The Many Stories in an Image

I have slowing been going through the images I took when on a personal vacation in Alaska. I found this image of my nephew which I really liked but I felt that it lacked .... something.


The photo was taken at a low angle and I loved his expression but I found that my eye was drawn to the yellow stripe on his sweater and on the frame of the picture on the wall.

So what to do?

As I love Black & White images, I thought I would try the conversion to see what would come of it. 


Much much better in my opinion. My eyes naturally were drawn to his eyes and the expression on his face.

But what would happen if I cropped it?

Darn it, I liked that one too and now I was stuck with two images that I liked. Which one do I chose?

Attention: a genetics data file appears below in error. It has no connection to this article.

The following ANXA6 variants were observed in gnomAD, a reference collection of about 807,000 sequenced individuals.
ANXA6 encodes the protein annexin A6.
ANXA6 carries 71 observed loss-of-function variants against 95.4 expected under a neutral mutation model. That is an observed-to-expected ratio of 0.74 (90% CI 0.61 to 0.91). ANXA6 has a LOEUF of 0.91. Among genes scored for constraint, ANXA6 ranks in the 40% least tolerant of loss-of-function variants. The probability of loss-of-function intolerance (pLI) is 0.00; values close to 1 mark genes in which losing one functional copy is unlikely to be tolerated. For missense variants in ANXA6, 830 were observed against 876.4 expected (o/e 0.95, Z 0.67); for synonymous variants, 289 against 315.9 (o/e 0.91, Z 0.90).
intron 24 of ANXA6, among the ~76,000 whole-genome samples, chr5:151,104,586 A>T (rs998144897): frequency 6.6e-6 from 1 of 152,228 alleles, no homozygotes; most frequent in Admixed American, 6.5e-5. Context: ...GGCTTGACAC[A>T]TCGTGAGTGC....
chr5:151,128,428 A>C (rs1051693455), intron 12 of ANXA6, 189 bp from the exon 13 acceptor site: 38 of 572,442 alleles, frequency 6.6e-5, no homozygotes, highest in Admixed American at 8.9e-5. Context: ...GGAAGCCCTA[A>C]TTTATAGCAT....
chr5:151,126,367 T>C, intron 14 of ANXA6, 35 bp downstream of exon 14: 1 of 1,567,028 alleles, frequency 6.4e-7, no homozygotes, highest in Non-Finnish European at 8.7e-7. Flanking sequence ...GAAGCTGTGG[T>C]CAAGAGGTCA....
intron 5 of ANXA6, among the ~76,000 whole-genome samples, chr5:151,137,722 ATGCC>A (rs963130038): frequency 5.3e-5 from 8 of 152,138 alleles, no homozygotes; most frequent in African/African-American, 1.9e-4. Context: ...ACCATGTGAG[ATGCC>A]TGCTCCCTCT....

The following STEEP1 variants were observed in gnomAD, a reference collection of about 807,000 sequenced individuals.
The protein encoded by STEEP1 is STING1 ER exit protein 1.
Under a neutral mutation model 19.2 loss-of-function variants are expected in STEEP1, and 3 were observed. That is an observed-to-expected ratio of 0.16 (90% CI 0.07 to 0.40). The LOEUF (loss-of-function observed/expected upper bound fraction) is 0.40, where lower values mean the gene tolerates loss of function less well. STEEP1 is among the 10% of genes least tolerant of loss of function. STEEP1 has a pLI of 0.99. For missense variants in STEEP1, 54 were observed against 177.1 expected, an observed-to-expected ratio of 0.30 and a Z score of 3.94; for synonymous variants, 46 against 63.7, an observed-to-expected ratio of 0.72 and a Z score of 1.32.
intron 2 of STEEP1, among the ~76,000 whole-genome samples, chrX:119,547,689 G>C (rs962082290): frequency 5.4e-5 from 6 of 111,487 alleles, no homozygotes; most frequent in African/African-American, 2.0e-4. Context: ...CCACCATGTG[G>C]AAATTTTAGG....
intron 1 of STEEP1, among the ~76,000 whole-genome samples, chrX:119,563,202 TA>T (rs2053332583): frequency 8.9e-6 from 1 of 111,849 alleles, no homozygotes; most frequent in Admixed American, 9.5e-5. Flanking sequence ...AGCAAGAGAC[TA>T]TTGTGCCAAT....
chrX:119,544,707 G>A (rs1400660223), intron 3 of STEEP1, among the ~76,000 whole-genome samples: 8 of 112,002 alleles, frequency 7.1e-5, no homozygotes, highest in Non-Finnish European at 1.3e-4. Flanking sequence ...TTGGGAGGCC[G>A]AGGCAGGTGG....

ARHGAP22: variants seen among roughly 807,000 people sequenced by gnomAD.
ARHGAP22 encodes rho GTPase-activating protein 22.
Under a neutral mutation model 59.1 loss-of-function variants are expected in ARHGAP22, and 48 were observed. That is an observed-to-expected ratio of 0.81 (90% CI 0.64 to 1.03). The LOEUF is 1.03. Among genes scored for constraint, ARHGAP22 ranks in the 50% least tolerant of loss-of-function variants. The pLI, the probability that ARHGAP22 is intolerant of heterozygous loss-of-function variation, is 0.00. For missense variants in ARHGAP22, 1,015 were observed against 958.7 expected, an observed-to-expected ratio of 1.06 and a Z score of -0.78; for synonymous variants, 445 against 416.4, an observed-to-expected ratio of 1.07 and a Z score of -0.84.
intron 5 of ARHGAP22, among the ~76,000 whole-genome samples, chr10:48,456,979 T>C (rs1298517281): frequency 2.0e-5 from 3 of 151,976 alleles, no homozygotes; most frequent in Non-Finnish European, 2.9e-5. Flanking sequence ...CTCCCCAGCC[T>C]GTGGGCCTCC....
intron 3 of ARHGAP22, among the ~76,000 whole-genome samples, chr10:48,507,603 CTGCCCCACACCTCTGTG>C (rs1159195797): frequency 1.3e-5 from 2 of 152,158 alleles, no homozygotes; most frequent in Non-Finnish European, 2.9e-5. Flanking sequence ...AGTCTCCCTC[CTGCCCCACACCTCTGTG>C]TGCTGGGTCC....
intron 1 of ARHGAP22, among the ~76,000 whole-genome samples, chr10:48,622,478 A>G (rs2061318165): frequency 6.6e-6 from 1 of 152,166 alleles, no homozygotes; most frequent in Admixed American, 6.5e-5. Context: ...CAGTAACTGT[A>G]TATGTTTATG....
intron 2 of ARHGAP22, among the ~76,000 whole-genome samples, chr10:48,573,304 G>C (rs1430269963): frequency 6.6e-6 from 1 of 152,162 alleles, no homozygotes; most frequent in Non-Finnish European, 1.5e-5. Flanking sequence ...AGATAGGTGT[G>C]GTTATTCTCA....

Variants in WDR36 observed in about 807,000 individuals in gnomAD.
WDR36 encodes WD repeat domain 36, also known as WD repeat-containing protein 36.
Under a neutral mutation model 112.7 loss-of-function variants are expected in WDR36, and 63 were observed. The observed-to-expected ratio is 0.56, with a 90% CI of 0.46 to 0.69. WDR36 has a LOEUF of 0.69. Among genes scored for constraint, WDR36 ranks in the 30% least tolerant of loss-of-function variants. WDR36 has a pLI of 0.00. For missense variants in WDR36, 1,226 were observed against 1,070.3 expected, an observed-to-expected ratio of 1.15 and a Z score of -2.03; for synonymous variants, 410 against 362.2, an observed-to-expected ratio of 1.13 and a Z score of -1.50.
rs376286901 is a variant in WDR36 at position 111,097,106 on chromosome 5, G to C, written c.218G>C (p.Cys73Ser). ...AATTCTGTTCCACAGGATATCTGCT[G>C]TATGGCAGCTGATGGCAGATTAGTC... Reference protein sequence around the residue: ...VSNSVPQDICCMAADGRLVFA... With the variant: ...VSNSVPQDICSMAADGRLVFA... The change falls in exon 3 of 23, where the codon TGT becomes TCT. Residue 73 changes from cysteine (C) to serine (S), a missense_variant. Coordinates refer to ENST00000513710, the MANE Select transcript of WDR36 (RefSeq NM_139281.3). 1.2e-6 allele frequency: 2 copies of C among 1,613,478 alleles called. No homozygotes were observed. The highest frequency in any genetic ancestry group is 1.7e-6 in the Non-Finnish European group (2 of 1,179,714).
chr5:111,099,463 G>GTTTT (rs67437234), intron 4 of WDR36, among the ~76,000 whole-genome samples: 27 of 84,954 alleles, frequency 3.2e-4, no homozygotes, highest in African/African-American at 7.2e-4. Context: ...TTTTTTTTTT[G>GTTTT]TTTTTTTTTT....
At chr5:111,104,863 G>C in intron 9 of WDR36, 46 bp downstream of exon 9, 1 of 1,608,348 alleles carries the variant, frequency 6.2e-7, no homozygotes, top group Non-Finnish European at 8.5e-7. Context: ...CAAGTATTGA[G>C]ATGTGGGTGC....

This whole process brought an interesting point home to me. The image was trying to tell me something. Yes, I know that it sound corney, but I think that one of the things that makes the difference between snapshots and photography is the voice of the image.

To me, the cropped version is much more of a portrait. It focuses on my nephew. It tells a story of an individual.
The larger image tells more of a story to me of a person in a much larger context.

So what does that mean? It means that the art of photography exists in what you, as an artist, are trying to say. What feelings are you trying to convey or capture? Think about each image. Listen to what it is trying to say to you. As you study your images and work with them, you will discover your voice.